SAVCBS Logo Challenge Problem for
Workshop at
November 9-10, 2008

Challenge Problem: Composite Pattern Specification

One session during this year's workshop will be devoted to presenting solutions (full or partial) to the following challenge problem.

A common programming pattern is the composite pattern. A composite object is one that organizes objects into a tree structure in order to represent a part-whole hierarchy. The point of the pattern is that clients have a uniform interface whether they have a reference to a sub-tree (i.e., a composite object) or a leaf (a single object). The focus of the challenge problem is to specify (and verify?) the kind of internal invariant that an implementation of a composite might have.

Consider the class, Composite, that wishes to keep the simplest invariant: that each object, c, of type Composite has a count of the number of objects within the sub-tree rooted at c. Therefore, whenever a component is added as a child of c all of c's ancestors must have their count updated. While c can own (using any of the various ownership methodologies) its children, it cannot own its parent. Yet adding a child to c risks invalidating its parent's invariant.

For our challenge problem session, we invite participants to illustrate their specification and verification techniques on the problem of specifying the behavior of the composite pattern. Solutions should be clear as to the assumptions made (e.g., sequential programs vs. multi-threaded programs), the level of annotation required, any restrictions (e.g. aliasing) that the technique imposes on code, and the difficulty and amount of automation used in the verification. They should illustrate innovative features of your particular specification or verification techniques. Solutions may be full or partial. The session is open to both presenters and participants of the workshop.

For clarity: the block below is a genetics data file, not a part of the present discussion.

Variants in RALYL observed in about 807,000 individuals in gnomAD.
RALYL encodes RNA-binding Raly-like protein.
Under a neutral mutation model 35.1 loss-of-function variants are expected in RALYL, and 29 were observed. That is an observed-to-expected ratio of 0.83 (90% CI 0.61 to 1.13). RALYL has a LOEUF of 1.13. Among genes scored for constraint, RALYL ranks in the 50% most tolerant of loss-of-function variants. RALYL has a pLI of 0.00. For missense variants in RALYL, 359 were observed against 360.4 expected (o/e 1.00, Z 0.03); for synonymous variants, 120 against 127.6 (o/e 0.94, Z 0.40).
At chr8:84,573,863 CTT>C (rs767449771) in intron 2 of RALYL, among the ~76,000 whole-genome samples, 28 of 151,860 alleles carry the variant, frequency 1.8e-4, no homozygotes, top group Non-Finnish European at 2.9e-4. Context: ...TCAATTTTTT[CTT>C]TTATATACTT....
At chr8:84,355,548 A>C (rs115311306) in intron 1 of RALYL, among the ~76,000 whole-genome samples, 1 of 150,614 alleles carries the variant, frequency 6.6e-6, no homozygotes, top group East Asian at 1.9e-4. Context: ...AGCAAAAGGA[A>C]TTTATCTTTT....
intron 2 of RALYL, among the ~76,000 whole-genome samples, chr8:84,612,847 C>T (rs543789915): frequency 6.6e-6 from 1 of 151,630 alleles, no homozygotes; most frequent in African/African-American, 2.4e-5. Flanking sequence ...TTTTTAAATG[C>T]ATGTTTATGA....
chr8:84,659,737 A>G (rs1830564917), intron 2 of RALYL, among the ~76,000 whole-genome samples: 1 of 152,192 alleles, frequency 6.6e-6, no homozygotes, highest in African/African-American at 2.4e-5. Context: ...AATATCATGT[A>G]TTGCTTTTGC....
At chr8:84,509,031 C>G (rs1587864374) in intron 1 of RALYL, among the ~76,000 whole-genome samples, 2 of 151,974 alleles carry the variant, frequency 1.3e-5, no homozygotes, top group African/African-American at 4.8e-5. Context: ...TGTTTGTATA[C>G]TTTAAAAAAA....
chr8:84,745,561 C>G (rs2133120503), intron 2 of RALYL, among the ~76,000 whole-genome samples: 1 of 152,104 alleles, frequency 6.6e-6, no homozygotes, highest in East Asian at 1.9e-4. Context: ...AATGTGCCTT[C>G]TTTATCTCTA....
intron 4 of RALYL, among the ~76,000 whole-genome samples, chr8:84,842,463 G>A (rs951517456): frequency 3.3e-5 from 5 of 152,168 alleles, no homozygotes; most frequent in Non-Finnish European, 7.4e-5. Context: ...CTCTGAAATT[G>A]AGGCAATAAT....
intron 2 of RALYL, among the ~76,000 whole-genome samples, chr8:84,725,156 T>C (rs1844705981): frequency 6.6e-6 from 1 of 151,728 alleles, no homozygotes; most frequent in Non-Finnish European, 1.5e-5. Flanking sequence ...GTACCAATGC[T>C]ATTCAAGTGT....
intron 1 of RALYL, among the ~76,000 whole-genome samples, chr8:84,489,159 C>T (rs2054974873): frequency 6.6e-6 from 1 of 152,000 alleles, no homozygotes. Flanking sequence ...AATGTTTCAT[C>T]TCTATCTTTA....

Submission Details

Solutions will continue to be accepted as workshop space permits. Prospective authors should submit their solutions on-line at Questions about the challenge problem can be addressed to Mike Barnett ( Submit documents in PDF (or PS) format, with a maximum length of 6 pages. Solutions will be reviewed by 2 PC members, and if accepted, authors will have about 10 minutes (including 3 minutes for questions) to present their solution in the workshop. Solutions will be made available on the SAVCBS web site and will be part of the proceedings. Note that publication at SAVCBS will not preclude submitting the same work elsewhere.


  3. (Figure 10)